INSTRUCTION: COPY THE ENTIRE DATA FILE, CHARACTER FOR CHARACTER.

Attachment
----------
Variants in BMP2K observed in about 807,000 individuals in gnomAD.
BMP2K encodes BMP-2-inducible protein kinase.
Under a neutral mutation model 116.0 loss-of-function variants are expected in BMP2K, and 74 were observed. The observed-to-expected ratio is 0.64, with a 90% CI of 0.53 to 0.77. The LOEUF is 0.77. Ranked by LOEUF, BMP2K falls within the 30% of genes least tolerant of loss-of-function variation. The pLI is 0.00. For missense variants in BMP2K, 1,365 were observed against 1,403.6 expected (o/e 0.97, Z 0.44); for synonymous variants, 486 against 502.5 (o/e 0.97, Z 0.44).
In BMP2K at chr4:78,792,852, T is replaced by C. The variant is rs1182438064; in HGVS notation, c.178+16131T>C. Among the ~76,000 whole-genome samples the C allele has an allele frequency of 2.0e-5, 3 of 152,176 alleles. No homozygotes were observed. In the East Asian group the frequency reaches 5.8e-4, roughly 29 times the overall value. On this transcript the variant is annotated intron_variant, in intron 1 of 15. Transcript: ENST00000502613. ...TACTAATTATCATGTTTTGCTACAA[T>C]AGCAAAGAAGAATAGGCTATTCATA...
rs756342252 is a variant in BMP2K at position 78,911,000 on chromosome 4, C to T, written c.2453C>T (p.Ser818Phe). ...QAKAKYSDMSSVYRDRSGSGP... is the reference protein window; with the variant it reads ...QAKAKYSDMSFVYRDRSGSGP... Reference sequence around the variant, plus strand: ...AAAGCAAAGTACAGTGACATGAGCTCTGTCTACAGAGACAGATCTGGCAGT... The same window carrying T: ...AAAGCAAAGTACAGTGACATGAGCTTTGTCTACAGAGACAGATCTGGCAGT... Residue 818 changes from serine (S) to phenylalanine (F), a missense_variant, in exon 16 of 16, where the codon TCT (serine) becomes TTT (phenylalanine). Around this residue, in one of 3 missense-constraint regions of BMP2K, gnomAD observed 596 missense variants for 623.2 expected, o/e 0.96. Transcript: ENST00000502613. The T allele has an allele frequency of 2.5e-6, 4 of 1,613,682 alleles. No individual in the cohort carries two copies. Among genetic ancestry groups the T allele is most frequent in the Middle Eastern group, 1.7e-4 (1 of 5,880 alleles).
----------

Variants in BMP2K observed in about 807,000 individuals in gnomAD.
BMP2K encodes BMP-2-inducible protein kinase.
Under a neutral mutation model 116.0 loss-of-function variants are expected in BMP2K, and 74 were observed. The observed-to-expected ratio is 0.64, with a 90% CI of 0.53 to 0.77. The LOEUF is 0.77. Ranked by LOEUF, BMP2K falls within the 30% of genes least tolerant of loss-of-function variation. The pLI is 0.00. For missense variants in BMP2K, 1,365 were observed against 1,403.6 expected (o/e 0.97, Z 0.44); for synonymous variants, 486 against 502.5 (o/e 0.97, Z 0.44).
In BMP2K at chr4:78,792,852, T is replaced by C. The variant is rs1182438064; in HGVS notation, c.178+16131T>C. Among the ~76,000 whole-genome samples the C allele has an allele frequency of 2.0e-5, 3 of 152,176 alleles. No homozygotes were observed. In the East Asian group the frequency reaches 5.8e-4, roughly 29 times the overall value. On this transcript the variant is annotated intron_variant, in intron 1 of 15. Transcript: ENST00000502613. ...TACTAATTATCATGTTTTGCTACAA[T>C]AGCAAAGAAGAATAGGCTATTCATA...
rs756342252 is a variant in BMP2K at position 78,911,000 on chromosome 4, C to T, written c.2453C>T (p.Ser818Phe). ...QAKAKYSDMSSVYRDRSGSGP... is the reference protein window; with the variant it reads ...QAKAKYSDMSFVYRDRSGSGP... Reference sequence around the variant, plus strand: ...AAAGCAAAGTACAGTGACATGAGCTCTGTCTACAGAGACAGATCTGGCAGT... The same window carrying T: ...AAAGCAAAGTACAGTGACATGAGCTTTGTCTACAGAGACAGATCTGGCAGT... Residue 818 changes from serine (S) to phenylalanine (F), a missense_variant, in exon 16 of 16, where the codon TCT (serine) becomes TTT (phenylalanine). Around this residue, in one of 3 missense-constraint regions of BMP2K, gnomAD observed 596 missense variants for 623.2 expected, o/e 0.96. Transcript: ENST00000502613. The T allele has an allele frequency of 2.5e-6, 4 of 1,613,682 alleles. No individual in the cohort carries two copies. Among genetic ancestry groups the T allele is most frequent in the Middle Eastern group, 1.7e-4 (1 of 5,880 alleles).